Summary: When it comes to discipleship we have an overestimation of ourselves and our contribution to the kingdom. Jesus’ discussion with James reminds us that our place in the family of God, even when we make great contributions, is still only a gift of grace.
James son of Zebedee - authority in action
Congregation in the Lord,
Jesus spent three years teaching His disciples what it meant to be disciples. Jesus particularly wanted to ingrain into the disciples a certain attitude. Perhaps the most significant visual lesson Jesus gave on this attitude was when He came to each of His disciples with a basin of water and a towel so that He could wash their feet. The visual lesson was clear … but just to be sure Jesus backed up that lesson with these words
“I have set you and example that you should do as I have done for you. I tell you the truth, no servant is greater than his master, nor the messenger greater than the one who sent him. Now that you know these things you will be blessed if you do them”. (John 13:15-17).
Why did Jesus give this lesson? Because He knew the human heart …
… the heart which deceives us into thinking that we have priority over others.
… the heart which hungers after a greater position.
… the heart which is not satisfied with its lot in life.
“Power corrupts … and absolute power corrupts absolutely”. That is how the saying goes. And while we know that discipleship is all about service and humility, the fact remains that we can be caught up, we can become proud, we can end up having an overestimation of our place and importance in God’s plan. Since such things can happen here is a good reason to consider the work of the disciples and since the issue of having a power struggle was a struggle which the original disciples shared. Indeed the reading in Mark 10 shows this weakness very clearly.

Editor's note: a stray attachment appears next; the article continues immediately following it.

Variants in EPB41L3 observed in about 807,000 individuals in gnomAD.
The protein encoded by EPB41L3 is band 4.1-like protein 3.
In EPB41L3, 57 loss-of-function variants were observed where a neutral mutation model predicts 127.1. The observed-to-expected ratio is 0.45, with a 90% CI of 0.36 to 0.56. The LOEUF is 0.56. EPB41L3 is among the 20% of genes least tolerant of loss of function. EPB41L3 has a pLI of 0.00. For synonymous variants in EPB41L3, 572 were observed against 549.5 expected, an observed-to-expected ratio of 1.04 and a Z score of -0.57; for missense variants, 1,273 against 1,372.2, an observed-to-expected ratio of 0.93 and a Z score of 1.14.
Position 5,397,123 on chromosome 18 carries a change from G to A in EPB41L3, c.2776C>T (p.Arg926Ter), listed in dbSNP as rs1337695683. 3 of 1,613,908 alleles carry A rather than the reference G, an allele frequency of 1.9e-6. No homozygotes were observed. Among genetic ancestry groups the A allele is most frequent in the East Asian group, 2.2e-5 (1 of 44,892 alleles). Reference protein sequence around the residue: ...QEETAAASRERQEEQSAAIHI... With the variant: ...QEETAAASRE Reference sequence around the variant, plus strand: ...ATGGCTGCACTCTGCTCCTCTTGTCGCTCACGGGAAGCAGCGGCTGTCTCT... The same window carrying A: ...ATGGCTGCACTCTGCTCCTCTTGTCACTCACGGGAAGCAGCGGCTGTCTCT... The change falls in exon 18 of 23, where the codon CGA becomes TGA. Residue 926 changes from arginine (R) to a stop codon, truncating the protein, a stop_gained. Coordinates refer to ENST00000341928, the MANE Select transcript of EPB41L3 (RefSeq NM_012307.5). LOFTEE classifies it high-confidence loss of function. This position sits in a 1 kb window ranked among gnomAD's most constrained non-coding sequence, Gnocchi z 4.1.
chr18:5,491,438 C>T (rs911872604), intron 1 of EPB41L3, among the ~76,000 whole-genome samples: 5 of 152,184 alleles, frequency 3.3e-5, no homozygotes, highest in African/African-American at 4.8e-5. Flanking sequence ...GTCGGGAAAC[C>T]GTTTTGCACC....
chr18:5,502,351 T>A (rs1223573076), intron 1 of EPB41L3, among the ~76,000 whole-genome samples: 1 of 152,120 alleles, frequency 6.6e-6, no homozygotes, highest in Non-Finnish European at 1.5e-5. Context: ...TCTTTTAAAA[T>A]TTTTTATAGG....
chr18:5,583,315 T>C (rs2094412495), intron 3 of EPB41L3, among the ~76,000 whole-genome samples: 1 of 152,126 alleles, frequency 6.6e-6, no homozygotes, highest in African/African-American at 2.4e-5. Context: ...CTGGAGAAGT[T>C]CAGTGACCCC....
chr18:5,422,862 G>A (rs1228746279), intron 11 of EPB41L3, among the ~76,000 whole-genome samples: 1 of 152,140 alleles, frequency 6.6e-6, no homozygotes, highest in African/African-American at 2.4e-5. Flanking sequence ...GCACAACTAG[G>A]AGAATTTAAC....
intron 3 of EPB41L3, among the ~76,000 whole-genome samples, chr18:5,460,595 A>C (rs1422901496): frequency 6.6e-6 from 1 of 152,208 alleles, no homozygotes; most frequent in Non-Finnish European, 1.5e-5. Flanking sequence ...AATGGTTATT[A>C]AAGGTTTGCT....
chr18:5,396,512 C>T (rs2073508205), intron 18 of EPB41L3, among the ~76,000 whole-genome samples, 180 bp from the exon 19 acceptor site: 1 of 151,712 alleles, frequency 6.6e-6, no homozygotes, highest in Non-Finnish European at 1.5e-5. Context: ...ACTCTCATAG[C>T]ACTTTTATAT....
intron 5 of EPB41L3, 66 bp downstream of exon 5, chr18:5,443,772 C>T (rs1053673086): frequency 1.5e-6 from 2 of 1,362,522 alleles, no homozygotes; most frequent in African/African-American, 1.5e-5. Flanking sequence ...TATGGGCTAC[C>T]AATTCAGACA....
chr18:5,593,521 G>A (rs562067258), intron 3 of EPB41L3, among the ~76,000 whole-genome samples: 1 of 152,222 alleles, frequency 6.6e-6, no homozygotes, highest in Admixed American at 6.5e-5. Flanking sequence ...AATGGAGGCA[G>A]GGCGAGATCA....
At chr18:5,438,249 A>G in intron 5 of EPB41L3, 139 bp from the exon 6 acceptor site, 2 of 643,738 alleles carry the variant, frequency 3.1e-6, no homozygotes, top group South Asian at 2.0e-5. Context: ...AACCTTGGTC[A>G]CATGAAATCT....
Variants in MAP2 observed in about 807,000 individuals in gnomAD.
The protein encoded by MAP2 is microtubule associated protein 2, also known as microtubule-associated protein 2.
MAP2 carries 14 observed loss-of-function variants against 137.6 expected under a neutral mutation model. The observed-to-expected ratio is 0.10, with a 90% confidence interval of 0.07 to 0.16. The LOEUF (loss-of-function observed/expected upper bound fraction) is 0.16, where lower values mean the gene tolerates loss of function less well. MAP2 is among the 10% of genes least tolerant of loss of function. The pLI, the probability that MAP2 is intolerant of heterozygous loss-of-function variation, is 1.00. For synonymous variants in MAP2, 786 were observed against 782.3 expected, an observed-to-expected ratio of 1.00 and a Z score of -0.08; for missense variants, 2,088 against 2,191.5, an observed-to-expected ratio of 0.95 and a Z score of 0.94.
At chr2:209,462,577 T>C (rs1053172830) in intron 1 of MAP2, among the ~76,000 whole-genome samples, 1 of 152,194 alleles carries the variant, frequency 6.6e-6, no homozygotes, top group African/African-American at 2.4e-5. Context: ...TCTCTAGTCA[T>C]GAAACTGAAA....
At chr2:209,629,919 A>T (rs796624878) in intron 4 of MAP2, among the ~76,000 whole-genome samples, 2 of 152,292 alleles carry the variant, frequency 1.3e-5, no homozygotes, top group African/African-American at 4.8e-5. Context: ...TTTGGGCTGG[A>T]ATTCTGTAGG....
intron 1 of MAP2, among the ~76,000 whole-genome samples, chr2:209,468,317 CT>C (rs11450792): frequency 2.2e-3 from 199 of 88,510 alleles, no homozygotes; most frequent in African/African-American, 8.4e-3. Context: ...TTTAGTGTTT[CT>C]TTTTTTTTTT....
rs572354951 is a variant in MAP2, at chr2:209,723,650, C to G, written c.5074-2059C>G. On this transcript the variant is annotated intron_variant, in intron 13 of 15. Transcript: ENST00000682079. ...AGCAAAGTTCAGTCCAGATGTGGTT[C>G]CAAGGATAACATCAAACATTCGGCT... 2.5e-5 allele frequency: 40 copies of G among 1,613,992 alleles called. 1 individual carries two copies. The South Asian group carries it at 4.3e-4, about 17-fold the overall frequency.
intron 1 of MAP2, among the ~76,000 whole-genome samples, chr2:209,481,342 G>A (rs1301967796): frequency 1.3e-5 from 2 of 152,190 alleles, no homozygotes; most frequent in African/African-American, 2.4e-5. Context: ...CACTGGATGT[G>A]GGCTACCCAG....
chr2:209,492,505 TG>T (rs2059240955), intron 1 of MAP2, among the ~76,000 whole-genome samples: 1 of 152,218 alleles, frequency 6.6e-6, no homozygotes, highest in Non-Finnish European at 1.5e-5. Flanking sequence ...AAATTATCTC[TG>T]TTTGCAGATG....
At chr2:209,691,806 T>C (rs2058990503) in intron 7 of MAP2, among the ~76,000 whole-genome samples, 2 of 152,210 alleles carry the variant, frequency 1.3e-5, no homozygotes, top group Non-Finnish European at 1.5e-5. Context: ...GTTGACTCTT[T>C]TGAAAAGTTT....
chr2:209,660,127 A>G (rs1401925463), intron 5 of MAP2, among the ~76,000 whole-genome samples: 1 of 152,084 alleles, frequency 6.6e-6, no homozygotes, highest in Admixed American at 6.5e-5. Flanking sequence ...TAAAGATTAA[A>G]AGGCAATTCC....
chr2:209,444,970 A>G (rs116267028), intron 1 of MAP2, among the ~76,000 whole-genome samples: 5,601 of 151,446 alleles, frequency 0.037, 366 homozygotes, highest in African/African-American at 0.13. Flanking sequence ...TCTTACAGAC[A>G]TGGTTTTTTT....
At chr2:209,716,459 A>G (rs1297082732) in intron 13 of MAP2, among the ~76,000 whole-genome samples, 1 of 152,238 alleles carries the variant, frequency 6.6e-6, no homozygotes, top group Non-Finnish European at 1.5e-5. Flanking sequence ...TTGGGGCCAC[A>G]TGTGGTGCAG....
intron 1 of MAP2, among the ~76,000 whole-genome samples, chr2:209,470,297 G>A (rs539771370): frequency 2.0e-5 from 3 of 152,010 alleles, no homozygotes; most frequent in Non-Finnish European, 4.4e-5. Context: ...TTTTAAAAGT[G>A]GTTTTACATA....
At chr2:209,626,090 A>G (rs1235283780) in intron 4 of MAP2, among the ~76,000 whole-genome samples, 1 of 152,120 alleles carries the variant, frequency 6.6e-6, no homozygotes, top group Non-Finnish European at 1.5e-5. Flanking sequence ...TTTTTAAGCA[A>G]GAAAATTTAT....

On the one side you have James and John asking to have the privileged positions in the final kingdom. When all sin has been dealt with. When Jesus is rightly established as the Lord of all. When the full glory of God’s grace is revealed to believers. When that happens; James and John would like to end up right next to Jesus. That’s the position of recognition, of privilege and of power.
On hearing this request the other disciples become indignant. Are they indignant because James and John would dare to ask such a question of Jesus? Far from it. The disciples are indignant because they feel they deserve the position. Who are James and John to make such a claim to fame? We ten have done just as much to deserve such privilege. We have stood side-by-side with Jesus in these battles. Basically they were saying, “We ought to be there. And I am indignant because I didn’t think to ask first”. What a hopeless bunch! Jesus is less than two weeks away from His crucifixion and His band of disciples, the disciples who would be the foundation of the New Testament church, they were almost self destructing because they had become side tracked by the issue of power.
Now I find it very interesting what Jesus does. Because, if I had been Jesus I’m sure I would have become frustrated and angry at the discovery that my band of followers who had been with me for nearly three years still didn’t understand what it meant to serve with humility. But Jesus doesn’t get frustrated and angry. Instead Jesus uses this power-struggle to give another life-lesson. Real power is not about exercising authority or claiming privilege. Real power means following in the footsteps “of the Master who did not come to be served, but to serve, and to give His life as a ransom for many”. That’s what this passage is about – learning to see how real power works. The question is, “Did the disciples understand the lesson?” We will answer that question by having a closer look at James.